Muscle is destroyed by muscle protein breakdown (MPB) and created by muscle protein synthesis (MPS). These two processes ebb and flow during the day, depending on what you’re doing or have done. The aim is to minimise MPB and maximise MPS.
If you want to favour MPS over MPB, you should
- Get a healthy, balanced diet with lots of healthy nutrients, a relatively low % of fat, moderate protein and the rest in healthy carbohydrate.
- Avoid long periods without food.
- Train with weights as intensely as possible
- Eat moderate amounts of high-quality protein regularly.
- Avoid a low carb diet.
- Avoid a high-fat diet.
- Sleep well, getting 7 to 8 hours a night.
- Avoid alcohol, stress and excess caffeine.
- Create a calorie surplus for best results, or at least avoid a large extended calorie deficit.
Changes in fat
I’m pleased that fat-shaming is scorned these days because it’s incredibly challenging to maintain healthy body fat levels with today’s food choices and lifestyles. There is a collection of different genes that favour fat accumulation and, if you have a lot of them, you’re going to find it harder to keep your fat levels down. So, in saying that everyone should aim to get their fat levels into the healthy range, we’re talking only about health. Having excess fat is unhealthy. Countless scientific papers have shown that being overweight or obese increases the risk of many diseases. Obesity is now a leading cause of death in the western world.
Fat is either visceral or subcutaneous. Visceral fat is more closely associated with disease, and subcutaneous fat a good predictor of your overall shape and dimensions. You can’t target one over the other; they tend to reduce together. But you can emphasise visceral fat reduction with the right training.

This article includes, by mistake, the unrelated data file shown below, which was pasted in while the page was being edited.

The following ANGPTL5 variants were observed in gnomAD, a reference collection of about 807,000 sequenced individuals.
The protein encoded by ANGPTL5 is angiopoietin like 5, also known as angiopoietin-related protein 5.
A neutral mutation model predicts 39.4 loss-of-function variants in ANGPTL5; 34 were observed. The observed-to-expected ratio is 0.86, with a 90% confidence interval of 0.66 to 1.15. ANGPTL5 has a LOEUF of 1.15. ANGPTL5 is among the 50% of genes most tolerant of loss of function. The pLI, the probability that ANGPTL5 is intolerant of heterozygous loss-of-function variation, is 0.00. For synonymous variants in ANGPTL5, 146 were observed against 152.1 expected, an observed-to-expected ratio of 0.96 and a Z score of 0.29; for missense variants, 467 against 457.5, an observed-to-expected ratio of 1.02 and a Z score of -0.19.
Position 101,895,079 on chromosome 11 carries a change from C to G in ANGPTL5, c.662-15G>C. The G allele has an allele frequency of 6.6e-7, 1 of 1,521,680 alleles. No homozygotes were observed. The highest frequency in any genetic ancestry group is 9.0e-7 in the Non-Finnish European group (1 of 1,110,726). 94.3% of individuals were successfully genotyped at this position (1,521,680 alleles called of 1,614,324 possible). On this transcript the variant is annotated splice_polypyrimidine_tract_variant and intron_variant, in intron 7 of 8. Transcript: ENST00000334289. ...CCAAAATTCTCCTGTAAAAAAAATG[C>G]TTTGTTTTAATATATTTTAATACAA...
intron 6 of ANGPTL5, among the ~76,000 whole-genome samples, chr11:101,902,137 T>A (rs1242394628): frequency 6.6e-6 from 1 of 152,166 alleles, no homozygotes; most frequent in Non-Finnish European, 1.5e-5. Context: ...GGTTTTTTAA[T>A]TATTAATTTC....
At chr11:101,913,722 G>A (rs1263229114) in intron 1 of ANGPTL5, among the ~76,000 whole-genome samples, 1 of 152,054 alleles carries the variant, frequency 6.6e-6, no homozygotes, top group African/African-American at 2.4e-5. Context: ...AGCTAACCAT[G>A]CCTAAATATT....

Here are a collection of things you can do to reduce body fat
- Create a calorie deficit.
- Train hard with regular high-intensity exercise that includes some weight training.
- Perform moderate-intensity cardio.
- Be consistent and exercise daily.
- Get a healthy, balanced diet with lots of healthy nutrients.
- Avoid excess fat intake.
- Sleep well, getting 7 to 8 hours a night.
- Minimise alcohol intake.
Changes in bone
It’s crucial to maintain your bone mass to avoid osteoporosis and potential breaks as you get older.
Here are some things you can do to maintain your bone
- Perform regular weight-bearing exercise.
- Perform weight training.
- Make sure there is plenty of calcium in your diet
- Ensure you do not become vitamin D deficient, especially in the winter
- Avoid excess caffeine or salt
Changes in water